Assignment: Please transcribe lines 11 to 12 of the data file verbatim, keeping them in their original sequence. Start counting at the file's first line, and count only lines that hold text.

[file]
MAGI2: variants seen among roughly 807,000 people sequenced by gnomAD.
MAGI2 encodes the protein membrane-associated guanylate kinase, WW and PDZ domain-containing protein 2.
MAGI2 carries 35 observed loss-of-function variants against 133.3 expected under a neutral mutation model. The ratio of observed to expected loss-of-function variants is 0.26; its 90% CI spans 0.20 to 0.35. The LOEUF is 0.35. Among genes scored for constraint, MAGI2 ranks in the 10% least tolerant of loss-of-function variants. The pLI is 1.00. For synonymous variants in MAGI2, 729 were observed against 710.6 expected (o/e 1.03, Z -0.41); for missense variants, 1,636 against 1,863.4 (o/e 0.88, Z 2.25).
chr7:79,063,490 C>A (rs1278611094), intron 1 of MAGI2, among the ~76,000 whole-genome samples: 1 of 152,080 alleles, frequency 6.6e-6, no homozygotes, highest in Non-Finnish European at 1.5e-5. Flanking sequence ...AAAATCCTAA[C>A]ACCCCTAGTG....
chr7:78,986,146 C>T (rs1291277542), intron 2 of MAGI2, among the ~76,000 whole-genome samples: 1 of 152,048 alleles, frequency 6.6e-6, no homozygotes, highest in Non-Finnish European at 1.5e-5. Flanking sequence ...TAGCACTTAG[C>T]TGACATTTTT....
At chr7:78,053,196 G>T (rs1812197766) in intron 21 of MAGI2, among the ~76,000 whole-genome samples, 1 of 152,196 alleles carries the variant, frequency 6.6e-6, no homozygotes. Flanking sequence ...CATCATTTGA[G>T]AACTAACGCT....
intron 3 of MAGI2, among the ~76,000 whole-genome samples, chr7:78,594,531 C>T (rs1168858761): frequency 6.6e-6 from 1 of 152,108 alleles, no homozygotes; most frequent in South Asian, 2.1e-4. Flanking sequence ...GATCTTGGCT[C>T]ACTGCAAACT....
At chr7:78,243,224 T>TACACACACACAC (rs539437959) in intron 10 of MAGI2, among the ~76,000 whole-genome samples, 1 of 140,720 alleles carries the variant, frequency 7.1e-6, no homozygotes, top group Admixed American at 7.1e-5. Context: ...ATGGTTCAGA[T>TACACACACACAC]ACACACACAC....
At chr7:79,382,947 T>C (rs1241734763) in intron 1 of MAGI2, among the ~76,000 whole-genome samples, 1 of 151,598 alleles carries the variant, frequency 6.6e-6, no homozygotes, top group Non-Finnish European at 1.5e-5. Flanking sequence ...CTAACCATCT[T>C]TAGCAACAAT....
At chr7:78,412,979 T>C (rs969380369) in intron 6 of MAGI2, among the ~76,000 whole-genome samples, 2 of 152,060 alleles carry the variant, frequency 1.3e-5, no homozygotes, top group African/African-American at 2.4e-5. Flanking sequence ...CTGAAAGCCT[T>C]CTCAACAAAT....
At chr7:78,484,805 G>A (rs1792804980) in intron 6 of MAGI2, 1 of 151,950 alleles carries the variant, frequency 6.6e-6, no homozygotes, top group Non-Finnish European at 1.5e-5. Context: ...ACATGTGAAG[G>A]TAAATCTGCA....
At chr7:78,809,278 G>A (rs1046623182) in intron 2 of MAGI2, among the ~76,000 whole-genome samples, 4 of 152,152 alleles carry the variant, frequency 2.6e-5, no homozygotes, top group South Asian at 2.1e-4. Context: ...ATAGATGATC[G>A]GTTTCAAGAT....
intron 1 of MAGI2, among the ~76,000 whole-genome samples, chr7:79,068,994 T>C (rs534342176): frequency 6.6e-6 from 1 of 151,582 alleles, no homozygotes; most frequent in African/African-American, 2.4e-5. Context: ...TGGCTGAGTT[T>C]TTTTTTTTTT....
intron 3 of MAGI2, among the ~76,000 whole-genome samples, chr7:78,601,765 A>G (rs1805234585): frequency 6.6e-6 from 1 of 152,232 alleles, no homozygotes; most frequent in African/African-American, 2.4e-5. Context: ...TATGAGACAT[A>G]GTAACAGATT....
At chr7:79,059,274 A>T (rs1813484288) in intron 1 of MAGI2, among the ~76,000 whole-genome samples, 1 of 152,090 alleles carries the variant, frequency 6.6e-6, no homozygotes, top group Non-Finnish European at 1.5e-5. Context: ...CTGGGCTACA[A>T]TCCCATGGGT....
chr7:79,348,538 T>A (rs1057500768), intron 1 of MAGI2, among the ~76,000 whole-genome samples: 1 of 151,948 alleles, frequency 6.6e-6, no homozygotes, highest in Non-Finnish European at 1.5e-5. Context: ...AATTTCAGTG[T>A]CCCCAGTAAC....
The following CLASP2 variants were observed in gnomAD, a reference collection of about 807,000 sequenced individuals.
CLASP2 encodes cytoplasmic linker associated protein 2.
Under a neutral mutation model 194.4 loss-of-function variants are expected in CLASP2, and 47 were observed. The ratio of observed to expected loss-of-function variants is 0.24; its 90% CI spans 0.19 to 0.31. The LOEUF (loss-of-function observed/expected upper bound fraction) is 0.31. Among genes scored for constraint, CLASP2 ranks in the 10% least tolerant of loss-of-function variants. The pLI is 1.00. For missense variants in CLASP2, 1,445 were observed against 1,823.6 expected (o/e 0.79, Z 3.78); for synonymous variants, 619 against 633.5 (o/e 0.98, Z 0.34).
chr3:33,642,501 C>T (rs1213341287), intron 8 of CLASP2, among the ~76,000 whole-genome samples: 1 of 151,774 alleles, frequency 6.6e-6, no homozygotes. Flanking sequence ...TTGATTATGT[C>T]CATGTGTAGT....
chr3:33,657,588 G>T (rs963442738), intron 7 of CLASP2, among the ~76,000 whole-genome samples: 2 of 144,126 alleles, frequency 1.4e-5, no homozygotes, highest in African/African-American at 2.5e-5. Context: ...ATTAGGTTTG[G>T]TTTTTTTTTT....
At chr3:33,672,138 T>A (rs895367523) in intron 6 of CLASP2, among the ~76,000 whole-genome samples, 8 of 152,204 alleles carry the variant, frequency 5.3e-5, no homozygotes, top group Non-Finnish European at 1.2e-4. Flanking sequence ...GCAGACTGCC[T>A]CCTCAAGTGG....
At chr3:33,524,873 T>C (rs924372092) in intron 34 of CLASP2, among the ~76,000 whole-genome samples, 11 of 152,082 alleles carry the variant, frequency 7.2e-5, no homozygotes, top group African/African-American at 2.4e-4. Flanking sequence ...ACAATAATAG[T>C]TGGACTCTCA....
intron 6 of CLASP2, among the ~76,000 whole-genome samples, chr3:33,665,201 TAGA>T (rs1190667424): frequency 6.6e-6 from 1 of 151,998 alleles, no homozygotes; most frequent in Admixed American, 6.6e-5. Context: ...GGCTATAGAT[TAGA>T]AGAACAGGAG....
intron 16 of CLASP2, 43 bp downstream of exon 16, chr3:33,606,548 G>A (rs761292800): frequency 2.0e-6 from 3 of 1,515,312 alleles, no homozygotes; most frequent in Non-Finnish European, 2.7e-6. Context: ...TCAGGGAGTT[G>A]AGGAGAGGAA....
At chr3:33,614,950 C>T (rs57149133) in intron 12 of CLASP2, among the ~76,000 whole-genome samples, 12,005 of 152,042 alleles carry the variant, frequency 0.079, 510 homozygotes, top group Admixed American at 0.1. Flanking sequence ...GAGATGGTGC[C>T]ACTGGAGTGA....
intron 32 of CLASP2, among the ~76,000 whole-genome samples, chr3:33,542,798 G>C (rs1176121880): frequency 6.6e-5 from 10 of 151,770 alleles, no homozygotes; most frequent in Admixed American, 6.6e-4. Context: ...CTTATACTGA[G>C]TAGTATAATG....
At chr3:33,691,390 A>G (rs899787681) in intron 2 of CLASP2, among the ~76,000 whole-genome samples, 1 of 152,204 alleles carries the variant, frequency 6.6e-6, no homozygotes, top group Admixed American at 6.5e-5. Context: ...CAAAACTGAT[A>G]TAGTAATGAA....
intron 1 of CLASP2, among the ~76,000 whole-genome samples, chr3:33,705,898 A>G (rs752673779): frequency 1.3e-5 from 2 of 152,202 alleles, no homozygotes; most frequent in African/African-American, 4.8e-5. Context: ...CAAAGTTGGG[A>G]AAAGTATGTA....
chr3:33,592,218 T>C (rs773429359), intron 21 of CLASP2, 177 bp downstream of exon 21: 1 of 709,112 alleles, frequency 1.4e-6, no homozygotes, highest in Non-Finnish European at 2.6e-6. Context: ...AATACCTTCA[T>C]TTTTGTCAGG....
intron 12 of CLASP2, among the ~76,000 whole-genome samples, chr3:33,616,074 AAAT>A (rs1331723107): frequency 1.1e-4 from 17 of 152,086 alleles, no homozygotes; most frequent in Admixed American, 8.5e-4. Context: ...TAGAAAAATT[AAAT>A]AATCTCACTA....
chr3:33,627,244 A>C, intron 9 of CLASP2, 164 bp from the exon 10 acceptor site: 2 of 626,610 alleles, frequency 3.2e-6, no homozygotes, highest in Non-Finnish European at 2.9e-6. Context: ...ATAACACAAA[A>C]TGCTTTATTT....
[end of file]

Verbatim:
At chr7:78,484,805 G>A (rs1792804980) in intron 6 of MAGI2, 1 of 151,950 alleles carries the variant, frequency 6.6e-6, no homozygotes, top group Non-Finnish European at 1.5e-5. Context: ...ACATGTGAAG[G>A]TAAATCTGCA....
At chr7:78,809,278 G>A (rs1046623182) in intron 2 of MAGI2, among the ~76,000 whole-genome samples, 4 of 152,152 alleles carry the variant, frequency 2.6e-5, no homozygotes, top group South Asian at 2.1e-4. Context: ...ATAGATGATC[G>A]GTTTCAAGAT....